Friday, February 17, 2012

Show Notes 17 Feb 2012 GeneaBloggers radio

You asked for it so here are details about tonight's GeneaBloggers internet radio show. Ol' Myrt here will be hosting while Thomas is on assignment speaking in Indianapolis to speak at the Indiana Historic Society. 

Our theme tonight is:

Give Me Your Tired, Your Poor:
19th Century US Immigration
Friday, February 17, 2012 9pm-10:30pm Eastern US 8-9:30pm Central US 7-8:30pm Mountain US 6-7:30pm Pacific US
Tune in here:
You don't need a radio, just your computer, speakers and a connection to the internet. You can also download the recorded version after the show at iTunes.
Listeners who wish to pose questions of my guests may do so either by typing a comment in the chat screen that is activated during the live broadcast or by in using this number. Note the country code, if necessary):

+1   213 286 6709


Marian Smith, Chief of the Historical Research Branch within US Citizenship and Immigration Services, or USCIS, in Washington, DC.  She is an Historian who first joined that organization in 1988 when it was the INS.  For many years she was a regular speaker at national genealogy conferences and the author of genealogical journal articles about immigration and naturalization history and records.  She now directs the agency’s History, Library, and fee-for-service Genealogy programs. 

Audrey Collins, author of  The Family Recorder genealogy blog and Family Historian at The National Archives (UK). Despite having no English ancestry of her own (she is a Scot with Irish roots), Audrey has been researching English genealogy for over 20 years.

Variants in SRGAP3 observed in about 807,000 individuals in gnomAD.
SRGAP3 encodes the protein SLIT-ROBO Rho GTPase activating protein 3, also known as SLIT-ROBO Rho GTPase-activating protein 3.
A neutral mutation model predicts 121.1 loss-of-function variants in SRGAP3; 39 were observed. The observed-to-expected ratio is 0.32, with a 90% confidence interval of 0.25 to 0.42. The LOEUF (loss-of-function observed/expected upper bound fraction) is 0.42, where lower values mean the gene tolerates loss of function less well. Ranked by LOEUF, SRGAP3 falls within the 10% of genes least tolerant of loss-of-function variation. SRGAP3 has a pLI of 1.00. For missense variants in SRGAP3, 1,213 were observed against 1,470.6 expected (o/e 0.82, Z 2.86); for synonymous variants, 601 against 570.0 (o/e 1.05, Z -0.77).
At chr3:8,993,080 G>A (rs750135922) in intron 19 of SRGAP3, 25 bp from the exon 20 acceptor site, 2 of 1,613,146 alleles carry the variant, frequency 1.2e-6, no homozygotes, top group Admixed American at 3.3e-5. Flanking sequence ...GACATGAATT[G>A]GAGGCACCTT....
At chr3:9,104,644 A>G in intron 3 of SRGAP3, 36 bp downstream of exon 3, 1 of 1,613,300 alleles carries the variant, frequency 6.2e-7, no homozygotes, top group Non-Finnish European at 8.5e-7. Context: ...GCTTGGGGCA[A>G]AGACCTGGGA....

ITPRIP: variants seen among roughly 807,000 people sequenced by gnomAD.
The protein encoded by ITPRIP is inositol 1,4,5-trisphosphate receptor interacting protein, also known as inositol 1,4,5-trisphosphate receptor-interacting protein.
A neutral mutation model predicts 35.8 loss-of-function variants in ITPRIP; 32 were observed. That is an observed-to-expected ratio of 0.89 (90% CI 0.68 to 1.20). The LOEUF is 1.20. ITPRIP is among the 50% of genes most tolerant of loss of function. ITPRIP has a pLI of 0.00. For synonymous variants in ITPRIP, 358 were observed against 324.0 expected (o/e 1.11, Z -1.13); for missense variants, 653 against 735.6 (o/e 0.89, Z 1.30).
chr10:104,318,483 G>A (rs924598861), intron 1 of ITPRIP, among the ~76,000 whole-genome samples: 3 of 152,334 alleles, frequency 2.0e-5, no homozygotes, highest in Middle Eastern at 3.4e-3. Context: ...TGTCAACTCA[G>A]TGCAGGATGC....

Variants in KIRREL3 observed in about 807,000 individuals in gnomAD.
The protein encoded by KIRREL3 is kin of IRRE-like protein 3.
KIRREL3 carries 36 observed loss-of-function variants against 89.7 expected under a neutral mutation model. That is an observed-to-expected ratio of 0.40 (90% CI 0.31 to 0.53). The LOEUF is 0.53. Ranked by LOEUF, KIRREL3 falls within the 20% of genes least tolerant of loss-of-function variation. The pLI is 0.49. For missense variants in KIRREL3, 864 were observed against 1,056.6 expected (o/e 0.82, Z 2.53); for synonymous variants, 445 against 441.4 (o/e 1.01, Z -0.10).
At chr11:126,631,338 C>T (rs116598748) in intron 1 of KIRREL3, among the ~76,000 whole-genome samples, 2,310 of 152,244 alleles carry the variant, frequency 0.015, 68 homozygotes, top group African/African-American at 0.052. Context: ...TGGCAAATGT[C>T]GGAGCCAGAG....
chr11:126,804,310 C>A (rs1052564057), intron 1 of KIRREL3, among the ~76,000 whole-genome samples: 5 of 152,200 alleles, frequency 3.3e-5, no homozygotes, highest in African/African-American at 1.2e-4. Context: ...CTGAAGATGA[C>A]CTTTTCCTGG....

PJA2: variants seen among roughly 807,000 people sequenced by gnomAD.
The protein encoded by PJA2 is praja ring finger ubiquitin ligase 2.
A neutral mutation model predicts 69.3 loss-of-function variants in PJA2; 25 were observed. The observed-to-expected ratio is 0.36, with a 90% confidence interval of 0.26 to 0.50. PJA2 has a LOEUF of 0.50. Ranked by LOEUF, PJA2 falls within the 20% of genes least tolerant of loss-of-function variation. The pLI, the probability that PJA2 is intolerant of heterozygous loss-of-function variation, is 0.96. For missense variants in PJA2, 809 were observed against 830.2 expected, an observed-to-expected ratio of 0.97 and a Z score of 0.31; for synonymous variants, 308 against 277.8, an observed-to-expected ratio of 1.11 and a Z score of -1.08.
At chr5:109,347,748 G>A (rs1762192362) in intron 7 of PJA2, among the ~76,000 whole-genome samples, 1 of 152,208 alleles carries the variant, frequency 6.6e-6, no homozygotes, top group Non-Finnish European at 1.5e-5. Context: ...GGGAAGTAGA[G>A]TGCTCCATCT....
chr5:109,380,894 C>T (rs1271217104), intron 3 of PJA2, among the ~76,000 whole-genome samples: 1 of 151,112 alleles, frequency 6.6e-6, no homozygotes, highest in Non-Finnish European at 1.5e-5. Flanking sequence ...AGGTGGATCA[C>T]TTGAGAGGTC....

Audrey's unique perspective will center on the "push" and "pull" factors that induced emigration from the UK and Ireland to the US & Canada in the 19th century.

Angela Walton-Raji is an author, genealogist, lecturer and researcher. She is a member of the Association of Professional Genealogists, Oklahoma Historical Society, Oklahoma Genealogical Society, Choctaw-Chickasaw Freedman's Association, Poteau Valley Genealogical Association and PAAC-Preservation of African American Cemeteries.

Angela Y. Walton-Raji’s work in genealogy has made her widely accepted in the field. She was born in western Arkansas, and grew up on the Arkansas / Oklahoma border, in the city of Ft. Smith, Arkansas. She attended St. Louis University, where she obtained a degree in Romance Languages, and later earned a Master's Degree in Education from Antioch University. Being an avid genealogist, Ms. Walton has researched her family history since 1975. In 1991, she located her family records among those of the Choctaw Nation, confirming a relationship often spoken about from family oral history. With this discovery, came the sudden knowledge that her great grandparents were African slaves of Choctaw Indians, and that her Walton ancestors were among several thousand Africans who were enslaved by Native Americans, including those who migrated west on the Trail of Tears.
Among the links we'll discuss are:
Judy Russell, a genealogist with a bachelor’s degree in political science and journalism from George Washington University and a law degree from Rutgers School of Law-Newark. She attended the National Institute on Genealogical Research at the National Archives in Washington, D.C.  At the Institute of Genealogy  and Historical Research (IGHR) at Samford University, Judy has successfully completed Elizabeth Shown Mills’ course in Advanced Methodology and Evidence Analysis and Thomas W. Jones’ course in Writing and Publishing for Genealogists. Her work has been published in both the National Genealogical Society Quarterly and the National Genealogical Society Magazine.  
But it is for Judy's work as a blogger that we honor her tonight.  The Legal Genealogist Blog has actively supported the RPAC's "Stop ID Theft NOW!" initiative with several recent posts:
So, DearREADERS, if you haven't tuned in to GeneaBloggers internet radio show before, I think you'll agree tonight would be a great time to start. 
Happy family tree climbing!
Myrt     :)
Your friend in genealogy.



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